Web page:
Document Type

Honors Thesis

Publication Date

Spring 5-2018


For the purpose of this research, minorities are defined as both racial and ethnic categories that are numerically inferior than the majority racial or ethnic group. Historical social inferiority is an arguable consequence of numerical inferiority, but is not included in this research’s definition of a minority. In this research, we see how women are numerically inferior in certain legal occupations, however gender/sex is also incorporated within the broader category of racial and ethnic minorities.

Current literature utilizing census bureau data, goes into some detail about the underrepresentation of racial and ethnic minority lawyers. However, this research project reaches greater depth concerning the representation of racial/ethnic groups as lawyers in addition to other legal occupations such as: judges, paralegals, legal support workers, legal assistants, and judicial clerks. The goal is to see how racial and ethnic representation has changed over time spanning back almost forty years. Variables such as age, race, average earnings, regional placement, and sex/gender are used in this paper to see how they influence occupational representation. The American Community Survey(ACS) and decennial census provide data to be collected and studied from the Integrated Public Use Microdata Series(IPUMS) website.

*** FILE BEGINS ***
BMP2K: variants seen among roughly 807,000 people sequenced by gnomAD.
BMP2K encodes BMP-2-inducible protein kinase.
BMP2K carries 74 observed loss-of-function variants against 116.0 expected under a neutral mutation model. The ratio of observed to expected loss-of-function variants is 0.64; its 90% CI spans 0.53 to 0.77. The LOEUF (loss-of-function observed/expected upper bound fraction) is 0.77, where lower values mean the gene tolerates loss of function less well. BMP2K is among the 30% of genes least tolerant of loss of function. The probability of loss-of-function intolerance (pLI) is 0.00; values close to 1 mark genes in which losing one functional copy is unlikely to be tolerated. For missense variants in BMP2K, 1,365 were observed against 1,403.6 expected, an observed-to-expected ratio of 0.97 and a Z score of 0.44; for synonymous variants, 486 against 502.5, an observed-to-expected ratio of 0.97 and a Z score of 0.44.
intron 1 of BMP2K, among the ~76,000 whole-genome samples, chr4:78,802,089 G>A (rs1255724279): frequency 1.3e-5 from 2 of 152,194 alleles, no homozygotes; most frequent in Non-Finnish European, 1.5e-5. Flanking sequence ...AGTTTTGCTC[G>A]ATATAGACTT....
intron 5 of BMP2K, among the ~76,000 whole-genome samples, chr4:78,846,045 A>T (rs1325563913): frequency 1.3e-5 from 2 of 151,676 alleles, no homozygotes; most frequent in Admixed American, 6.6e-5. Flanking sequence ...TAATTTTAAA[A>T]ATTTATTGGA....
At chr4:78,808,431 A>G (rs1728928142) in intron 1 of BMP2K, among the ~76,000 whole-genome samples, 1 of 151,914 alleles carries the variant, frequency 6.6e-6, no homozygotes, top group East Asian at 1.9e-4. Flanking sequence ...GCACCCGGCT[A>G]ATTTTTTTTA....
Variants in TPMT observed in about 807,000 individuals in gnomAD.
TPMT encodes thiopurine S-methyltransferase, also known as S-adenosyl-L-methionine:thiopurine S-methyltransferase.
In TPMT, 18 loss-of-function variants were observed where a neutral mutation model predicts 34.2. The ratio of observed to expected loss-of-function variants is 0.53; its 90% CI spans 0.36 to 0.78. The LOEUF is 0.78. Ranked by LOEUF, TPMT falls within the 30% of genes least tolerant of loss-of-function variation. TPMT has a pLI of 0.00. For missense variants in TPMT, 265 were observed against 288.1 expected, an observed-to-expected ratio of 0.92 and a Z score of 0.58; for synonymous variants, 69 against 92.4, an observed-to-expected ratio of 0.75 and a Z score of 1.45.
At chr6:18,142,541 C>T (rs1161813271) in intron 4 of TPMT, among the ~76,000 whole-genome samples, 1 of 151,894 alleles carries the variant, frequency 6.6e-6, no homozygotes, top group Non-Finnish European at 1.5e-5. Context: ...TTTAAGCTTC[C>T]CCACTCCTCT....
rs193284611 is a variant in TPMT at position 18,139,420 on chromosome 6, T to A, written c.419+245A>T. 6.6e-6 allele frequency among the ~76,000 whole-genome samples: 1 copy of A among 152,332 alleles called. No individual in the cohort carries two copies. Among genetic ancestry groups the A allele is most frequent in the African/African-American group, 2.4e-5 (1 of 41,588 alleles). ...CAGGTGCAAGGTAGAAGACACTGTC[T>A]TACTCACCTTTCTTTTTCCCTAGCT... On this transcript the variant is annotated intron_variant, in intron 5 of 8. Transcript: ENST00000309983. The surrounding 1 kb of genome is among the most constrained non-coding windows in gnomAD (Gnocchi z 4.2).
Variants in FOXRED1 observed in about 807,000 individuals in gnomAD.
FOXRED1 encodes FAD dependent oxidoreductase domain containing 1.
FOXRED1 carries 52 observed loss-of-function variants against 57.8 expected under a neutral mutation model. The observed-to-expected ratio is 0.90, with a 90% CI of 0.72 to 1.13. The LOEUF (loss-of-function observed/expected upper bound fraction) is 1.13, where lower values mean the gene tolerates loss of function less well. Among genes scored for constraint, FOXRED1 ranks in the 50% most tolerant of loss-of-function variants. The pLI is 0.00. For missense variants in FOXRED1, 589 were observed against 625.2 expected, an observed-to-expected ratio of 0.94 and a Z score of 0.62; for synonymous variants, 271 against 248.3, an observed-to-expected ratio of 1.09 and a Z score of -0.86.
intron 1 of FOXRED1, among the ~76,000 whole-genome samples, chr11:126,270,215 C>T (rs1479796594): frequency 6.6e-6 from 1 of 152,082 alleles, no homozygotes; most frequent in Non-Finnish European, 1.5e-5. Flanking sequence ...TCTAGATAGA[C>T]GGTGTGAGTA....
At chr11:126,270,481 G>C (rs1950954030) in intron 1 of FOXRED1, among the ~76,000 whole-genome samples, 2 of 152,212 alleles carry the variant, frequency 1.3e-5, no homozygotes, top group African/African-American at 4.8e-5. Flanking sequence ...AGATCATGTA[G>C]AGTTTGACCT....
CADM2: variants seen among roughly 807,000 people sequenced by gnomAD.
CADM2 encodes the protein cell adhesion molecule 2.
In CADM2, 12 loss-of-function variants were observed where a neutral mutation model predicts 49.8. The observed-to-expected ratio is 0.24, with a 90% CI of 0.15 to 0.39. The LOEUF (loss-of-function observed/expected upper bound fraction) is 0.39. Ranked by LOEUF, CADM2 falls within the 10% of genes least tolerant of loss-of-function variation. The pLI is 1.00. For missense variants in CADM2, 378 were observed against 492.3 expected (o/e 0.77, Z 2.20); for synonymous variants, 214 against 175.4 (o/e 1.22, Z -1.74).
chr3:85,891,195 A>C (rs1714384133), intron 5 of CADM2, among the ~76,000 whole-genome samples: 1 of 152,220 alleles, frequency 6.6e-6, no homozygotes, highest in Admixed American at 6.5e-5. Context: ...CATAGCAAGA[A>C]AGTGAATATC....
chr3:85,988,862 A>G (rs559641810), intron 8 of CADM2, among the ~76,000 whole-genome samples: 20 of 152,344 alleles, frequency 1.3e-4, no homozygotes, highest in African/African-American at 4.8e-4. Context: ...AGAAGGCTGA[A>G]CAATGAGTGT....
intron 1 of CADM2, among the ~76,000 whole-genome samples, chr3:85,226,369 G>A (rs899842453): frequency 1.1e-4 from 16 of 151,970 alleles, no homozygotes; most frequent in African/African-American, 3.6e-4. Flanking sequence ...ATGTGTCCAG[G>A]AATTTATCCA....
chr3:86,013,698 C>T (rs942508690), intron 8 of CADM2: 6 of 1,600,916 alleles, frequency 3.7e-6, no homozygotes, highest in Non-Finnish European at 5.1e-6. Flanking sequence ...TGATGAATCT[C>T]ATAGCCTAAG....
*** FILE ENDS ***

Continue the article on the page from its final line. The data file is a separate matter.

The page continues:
Major findings from this research indicate that the portion of both minority and White populations seeking undergraduate or higher education attainment levels are growing at equal speeds. All races are increasing educational attainment beyond high school, but the percentage of employed minorities compared to their total population is greater than for Whites. It would make sense, then that legal occupations might also be rapidly increasing diversity; however, this is not the case. The representation of minorities in most U.S. states have stayed unchanging for the last 36 years. When looking at the ten most common jobs according to the census, minority representation tends to increase as average earnings decrease, meaning that despite the increase in educational attainment, average incomes of minorities are not increasing. Moreover, minorities compose only 13.25% of all legal occupations but 21.88% of all other occupations. When compared to strictly professional occupations, legal occupations continue to lack in diversity. One factor that might be causing this underrepresentation problem is how minorities tend to choose degrees in undergrad and graduate school that do not correlate to what those employed in legal occupations are choosing. Lastly, the data showed age and sex/gender variables have very different effects depending on which occupation within the legal field is being studied, and also which race is being affected.

Included in

Economics Commons